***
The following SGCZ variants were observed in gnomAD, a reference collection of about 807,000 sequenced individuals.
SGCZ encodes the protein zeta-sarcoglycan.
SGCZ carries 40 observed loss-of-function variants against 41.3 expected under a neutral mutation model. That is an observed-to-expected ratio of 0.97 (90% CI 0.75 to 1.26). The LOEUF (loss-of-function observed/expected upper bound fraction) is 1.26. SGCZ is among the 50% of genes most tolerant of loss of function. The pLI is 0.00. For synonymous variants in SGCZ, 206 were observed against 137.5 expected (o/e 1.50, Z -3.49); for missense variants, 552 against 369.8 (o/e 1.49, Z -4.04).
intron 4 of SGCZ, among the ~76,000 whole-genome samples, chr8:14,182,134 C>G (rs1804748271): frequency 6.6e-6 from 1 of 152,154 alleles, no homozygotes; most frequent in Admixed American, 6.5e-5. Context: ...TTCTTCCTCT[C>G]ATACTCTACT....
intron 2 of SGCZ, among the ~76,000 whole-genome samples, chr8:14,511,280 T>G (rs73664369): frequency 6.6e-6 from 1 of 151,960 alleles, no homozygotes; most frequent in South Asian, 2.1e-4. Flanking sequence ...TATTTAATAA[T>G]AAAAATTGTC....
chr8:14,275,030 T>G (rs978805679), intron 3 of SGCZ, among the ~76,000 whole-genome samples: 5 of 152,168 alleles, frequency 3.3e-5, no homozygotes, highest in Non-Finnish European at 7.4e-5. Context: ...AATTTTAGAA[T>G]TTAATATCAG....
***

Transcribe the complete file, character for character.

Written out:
The following SGCZ variants were observed in gnomAD, a reference collection of about 807,000 sequenced individuals.
SGCZ encodes the protein zeta-sarcoglycan.
SGCZ carries 40 observed loss-of-function variants against 41.3 expected under a neutral mutation model. That is an observed-to-expected ratio of 0.97 (90% CI 0.75 to 1.26). The LOEUF (loss-of-function observed/expected upper bound fraction) is 1.26. SGCZ is among the 50% of genes most tolerant of loss of function. The pLI is 0.00. For synonymous variants in SGCZ, 206 were observed against 137.5 expected (o/e 1.50, Z -3.49); for missense variants, 552 against 369.8 (o/e 1.49, Z -4.04).
intron 4 of SGCZ, among the ~76,000 whole-genome samples, chr8:14,182,134 C>G (rs1804748271): frequency 6.6e-6 from 1 of 152,154 alleles, no homozygotes; most frequent in Admixed American, 6.5e-5. Context: ...TTCTTCCTCT[C>G]ATACTCTACT....
intron 2 of SGCZ, among the ~76,000 whole-genome samples, chr8:14,511,280 T>G (rs73664369): frequency 6.6e-6 from 1 of 151,960 alleles, no homozygotes; most frequent in South Asian, 2.1e-4. Flanking sequence ...TATTTAATAA[T>G]AAAAATTGTC....
chr8:14,275,030 T>G (rs978805679), intron 3 of SGCZ, among the ~76,000 whole-genome samples: 5 of 152,168 alleles, frequency 3.3e-5, no homozygotes, highest in Non-Finnish European at 7.4e-5. Context: ...AATTTTAGAA[T>G]TTAATATCAG....